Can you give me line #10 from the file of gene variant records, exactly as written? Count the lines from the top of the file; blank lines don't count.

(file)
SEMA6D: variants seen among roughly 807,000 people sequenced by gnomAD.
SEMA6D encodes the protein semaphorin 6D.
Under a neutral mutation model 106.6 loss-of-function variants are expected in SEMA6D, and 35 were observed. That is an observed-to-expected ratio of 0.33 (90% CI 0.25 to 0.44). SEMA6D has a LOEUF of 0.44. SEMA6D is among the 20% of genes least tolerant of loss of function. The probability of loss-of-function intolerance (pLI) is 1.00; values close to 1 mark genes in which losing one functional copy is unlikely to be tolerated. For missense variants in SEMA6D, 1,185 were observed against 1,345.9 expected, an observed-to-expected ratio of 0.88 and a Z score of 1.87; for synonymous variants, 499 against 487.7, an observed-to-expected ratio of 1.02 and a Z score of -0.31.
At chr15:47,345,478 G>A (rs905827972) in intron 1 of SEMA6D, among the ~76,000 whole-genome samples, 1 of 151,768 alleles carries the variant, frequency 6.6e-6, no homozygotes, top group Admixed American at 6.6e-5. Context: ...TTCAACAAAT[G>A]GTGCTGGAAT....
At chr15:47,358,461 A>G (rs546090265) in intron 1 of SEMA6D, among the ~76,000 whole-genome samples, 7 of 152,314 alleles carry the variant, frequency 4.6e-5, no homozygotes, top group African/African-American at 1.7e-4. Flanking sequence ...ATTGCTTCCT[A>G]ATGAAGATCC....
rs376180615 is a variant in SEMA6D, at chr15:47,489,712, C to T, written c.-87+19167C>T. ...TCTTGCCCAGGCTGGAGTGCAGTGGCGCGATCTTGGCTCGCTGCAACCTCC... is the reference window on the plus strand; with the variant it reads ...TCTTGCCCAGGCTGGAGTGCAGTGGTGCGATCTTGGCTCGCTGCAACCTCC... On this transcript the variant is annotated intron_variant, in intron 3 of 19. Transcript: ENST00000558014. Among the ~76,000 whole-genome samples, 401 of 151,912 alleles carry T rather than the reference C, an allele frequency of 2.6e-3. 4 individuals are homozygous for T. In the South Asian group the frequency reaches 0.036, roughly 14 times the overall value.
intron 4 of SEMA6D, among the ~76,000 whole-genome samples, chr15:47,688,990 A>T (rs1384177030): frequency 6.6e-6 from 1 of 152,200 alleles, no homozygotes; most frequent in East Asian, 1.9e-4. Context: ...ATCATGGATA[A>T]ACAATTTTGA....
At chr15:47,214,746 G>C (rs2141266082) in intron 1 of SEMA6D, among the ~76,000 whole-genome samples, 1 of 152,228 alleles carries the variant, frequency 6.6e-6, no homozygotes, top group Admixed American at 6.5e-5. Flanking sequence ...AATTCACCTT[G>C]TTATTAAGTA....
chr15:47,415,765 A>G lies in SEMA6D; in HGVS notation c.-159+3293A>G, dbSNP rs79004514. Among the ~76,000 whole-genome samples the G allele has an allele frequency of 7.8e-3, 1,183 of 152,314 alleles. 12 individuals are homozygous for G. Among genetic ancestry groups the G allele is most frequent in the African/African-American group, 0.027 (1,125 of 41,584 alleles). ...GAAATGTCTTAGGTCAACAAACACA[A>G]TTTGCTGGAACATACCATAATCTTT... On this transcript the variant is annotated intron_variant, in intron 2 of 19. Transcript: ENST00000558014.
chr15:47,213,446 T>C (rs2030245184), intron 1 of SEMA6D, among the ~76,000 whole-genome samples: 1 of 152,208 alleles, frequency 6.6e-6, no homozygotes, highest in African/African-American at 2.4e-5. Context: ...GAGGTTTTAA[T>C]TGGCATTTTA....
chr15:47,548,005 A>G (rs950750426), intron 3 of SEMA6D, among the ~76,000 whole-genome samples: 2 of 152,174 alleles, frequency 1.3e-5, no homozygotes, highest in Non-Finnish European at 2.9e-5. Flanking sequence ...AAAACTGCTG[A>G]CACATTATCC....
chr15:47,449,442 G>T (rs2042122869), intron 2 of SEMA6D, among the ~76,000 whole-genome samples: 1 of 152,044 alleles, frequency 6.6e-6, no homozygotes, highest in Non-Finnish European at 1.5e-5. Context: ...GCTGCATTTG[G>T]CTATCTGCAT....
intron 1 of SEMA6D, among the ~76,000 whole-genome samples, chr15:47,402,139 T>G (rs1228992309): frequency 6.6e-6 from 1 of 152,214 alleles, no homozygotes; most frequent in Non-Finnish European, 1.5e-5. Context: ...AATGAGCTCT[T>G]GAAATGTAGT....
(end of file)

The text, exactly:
chr15:47,213,446 T>C (rs2030245184), intron 1 of SEMA6D, among the ~76,000 whole-genome samples: 1 of 152,208 alleles, frequency 6.6e-6, no homozygotes, highest in African/African-American at 2.4e-5. Context: ...GAGGTTTTAA[T>C]TGGCATTTTA....